Supporters hold placards during a "Labour In for Britain" campaign event in London, June 22, 2016. Reuters/Stefan Wermuth

With less than 24 hours before voters head to the polls to decide if Britain will remain in the European Union, the debate grew even more toxic Wednesday with a Nazi comparison thrown into a campaign that has been full of mudslinging and name-calling.

Michael Gove, co-chairman of the Vote Leave campaign, said economic experts who have argued that a Brexit would damage the British economy and hurt global financial markets could not be trusted. He compared them to Nazis who smeared scientist Albert Einstein in the 1930s. Gove also criticized the euro single currency market, which Britain never entered keeping the pound instead, and critiqued the EU project.

“We have to be careful about historical comparisons, but Albert Einstein during the 1930s was denounced by the German authorities for being wrong, and his theories were denounced, and one of the reasons of course he was denounced was because he was Jewish,” Gove said in an interview with LBC Radio. “The truth is that if you look at the quality of the analysis, if you look at the facts on the ground, you can come to an appropriate conclusion … with the nature of the single currency so damaging, freeing ourselves from that project can only strengthen our economy.”

Gove’s comments were immediately criticized, and he has since apologized for making “clumsy and inappropriate” comments. The remarks, however, are just the latest in what has been a heated and oftentimes controversial campaign that has focused on economic and political issues affecting the entire 28-member EU.

A “leave” campaign poster showing a long line of refugees and migrants with the text “breaking point” drew condemnation. Gove said the poster made him “shudder” and was “the wrong thing to do.” That campaign has argued a British exit would allow for more control over the country’s immigration policy.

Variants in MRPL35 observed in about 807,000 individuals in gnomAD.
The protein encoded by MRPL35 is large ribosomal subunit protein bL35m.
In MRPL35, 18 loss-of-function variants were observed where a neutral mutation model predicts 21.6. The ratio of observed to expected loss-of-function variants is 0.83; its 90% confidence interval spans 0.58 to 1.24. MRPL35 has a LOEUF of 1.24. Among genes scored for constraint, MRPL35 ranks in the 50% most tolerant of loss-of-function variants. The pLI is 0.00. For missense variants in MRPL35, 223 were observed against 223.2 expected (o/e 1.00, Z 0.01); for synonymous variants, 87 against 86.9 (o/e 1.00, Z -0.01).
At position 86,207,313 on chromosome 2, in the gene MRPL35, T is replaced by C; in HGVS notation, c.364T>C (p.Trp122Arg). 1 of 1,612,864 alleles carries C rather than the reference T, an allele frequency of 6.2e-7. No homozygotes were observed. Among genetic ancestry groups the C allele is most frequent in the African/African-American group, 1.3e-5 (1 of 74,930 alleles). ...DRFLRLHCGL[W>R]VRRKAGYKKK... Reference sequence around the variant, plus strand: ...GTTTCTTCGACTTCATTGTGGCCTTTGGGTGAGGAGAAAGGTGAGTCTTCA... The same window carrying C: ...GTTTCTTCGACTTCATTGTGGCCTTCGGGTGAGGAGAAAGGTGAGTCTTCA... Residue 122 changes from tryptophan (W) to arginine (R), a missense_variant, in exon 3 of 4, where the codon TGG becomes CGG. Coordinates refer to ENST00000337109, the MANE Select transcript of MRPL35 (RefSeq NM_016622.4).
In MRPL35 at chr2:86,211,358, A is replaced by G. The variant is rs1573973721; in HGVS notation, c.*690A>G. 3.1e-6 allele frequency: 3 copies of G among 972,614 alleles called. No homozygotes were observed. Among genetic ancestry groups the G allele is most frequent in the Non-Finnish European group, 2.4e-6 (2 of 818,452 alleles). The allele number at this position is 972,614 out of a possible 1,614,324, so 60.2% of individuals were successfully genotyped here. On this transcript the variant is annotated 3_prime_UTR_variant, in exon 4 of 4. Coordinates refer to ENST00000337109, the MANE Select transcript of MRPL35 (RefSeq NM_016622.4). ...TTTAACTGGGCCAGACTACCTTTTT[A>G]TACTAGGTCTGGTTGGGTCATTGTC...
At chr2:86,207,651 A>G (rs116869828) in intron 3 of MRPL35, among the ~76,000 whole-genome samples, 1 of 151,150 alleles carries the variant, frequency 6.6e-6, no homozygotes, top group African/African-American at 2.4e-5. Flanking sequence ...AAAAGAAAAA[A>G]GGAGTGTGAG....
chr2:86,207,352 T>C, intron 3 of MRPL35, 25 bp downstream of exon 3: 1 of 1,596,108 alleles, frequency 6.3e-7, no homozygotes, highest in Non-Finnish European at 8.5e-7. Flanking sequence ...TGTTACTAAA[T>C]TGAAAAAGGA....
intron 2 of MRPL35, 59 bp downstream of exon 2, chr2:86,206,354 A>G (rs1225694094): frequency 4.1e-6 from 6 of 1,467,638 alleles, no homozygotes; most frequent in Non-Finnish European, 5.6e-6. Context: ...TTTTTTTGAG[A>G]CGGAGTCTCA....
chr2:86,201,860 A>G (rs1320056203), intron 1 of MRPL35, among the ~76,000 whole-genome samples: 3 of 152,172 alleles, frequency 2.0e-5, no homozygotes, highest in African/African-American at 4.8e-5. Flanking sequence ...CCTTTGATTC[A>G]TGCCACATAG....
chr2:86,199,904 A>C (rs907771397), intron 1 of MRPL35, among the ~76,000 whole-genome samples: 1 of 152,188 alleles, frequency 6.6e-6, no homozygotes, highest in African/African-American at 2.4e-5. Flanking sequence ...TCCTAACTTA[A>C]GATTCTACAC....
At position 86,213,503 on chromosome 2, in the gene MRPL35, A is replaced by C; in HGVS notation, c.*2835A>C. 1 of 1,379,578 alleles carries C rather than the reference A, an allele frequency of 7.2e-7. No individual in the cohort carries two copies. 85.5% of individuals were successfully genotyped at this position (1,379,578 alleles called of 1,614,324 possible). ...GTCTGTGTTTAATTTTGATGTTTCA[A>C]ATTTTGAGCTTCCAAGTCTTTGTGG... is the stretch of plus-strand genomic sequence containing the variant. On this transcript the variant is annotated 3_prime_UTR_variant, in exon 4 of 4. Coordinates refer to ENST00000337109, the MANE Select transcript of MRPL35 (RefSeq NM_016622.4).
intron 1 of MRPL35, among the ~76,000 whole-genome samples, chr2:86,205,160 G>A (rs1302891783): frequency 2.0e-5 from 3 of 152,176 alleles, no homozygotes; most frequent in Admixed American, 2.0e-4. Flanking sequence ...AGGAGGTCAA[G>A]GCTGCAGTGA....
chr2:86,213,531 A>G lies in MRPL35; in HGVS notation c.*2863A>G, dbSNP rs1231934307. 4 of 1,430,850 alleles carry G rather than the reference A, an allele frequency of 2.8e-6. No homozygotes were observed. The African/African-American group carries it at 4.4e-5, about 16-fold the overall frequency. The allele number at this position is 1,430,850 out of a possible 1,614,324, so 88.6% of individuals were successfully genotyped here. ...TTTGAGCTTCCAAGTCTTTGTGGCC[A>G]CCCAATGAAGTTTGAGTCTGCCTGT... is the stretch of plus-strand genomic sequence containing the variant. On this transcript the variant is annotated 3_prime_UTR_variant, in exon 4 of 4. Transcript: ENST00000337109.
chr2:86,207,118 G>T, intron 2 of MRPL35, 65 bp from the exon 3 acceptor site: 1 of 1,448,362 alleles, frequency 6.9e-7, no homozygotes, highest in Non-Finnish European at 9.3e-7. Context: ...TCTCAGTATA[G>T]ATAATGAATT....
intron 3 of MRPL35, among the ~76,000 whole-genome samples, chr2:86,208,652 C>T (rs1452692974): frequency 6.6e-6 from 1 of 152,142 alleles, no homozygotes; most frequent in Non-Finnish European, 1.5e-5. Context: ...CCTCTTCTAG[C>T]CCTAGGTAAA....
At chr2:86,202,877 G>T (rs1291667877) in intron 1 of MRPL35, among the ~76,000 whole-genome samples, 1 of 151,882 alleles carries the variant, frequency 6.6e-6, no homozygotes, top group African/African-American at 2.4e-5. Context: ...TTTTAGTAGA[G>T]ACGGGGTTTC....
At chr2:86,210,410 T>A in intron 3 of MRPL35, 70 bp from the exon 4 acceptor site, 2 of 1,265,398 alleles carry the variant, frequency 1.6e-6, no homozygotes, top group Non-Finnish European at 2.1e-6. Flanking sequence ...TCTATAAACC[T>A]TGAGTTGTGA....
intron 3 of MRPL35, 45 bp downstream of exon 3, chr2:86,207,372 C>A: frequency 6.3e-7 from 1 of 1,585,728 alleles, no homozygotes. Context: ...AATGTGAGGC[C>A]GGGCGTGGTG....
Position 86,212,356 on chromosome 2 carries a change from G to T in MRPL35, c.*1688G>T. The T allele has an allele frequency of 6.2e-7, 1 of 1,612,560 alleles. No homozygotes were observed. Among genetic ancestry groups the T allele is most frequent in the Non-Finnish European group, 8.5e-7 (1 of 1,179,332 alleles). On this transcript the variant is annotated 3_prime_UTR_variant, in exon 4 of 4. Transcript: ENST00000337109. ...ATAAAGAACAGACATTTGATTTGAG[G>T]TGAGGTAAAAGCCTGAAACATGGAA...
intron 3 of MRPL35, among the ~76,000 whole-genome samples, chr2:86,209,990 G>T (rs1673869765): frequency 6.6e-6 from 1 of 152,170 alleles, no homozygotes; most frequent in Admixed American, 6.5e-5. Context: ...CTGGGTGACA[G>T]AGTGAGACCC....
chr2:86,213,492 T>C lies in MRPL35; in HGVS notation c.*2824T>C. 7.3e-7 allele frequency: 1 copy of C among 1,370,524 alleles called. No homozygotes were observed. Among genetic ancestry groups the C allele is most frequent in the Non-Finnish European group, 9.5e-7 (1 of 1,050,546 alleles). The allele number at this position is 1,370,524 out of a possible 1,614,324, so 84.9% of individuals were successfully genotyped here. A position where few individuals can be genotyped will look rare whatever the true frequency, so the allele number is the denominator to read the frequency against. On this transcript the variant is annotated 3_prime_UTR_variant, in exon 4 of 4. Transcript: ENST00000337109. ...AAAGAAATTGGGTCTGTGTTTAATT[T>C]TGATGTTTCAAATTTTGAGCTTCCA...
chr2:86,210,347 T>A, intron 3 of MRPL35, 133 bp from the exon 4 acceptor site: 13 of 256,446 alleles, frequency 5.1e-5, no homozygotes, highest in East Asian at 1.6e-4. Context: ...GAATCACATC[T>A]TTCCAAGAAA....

Other examples of controversial campaign materials include a video shared in May by a “leave” Facebook group showing U.S. presidential candidate Donald Trump describing immigrants as snakes and a cartoon tweeted out by the “leave” campaign in June showing stereotypical depictions of Muslims and European nations.

The “remain” camp hasn’t escaped criticism either. The “leave” side criticized “remain” campaigners last week after making remarks linking the killing of member of Parliament Jo Cox to the referendum. Cox was killed after meeting with constituents, and the man who shot and stabbed her allegedly shouted “Britain first.”

“I think there are Remain camp supporters out there who are using this to try to give the impression that this isolated, horrific incident is somehow linked to arguments that have been made by myself or Michael Gove or anybody else in this campaign, and frankly that is wrong,” U.K. Independence leader Nigel Farage said during a radio interview, according to the BBC.

Results of the referendum are expected early Friday local time.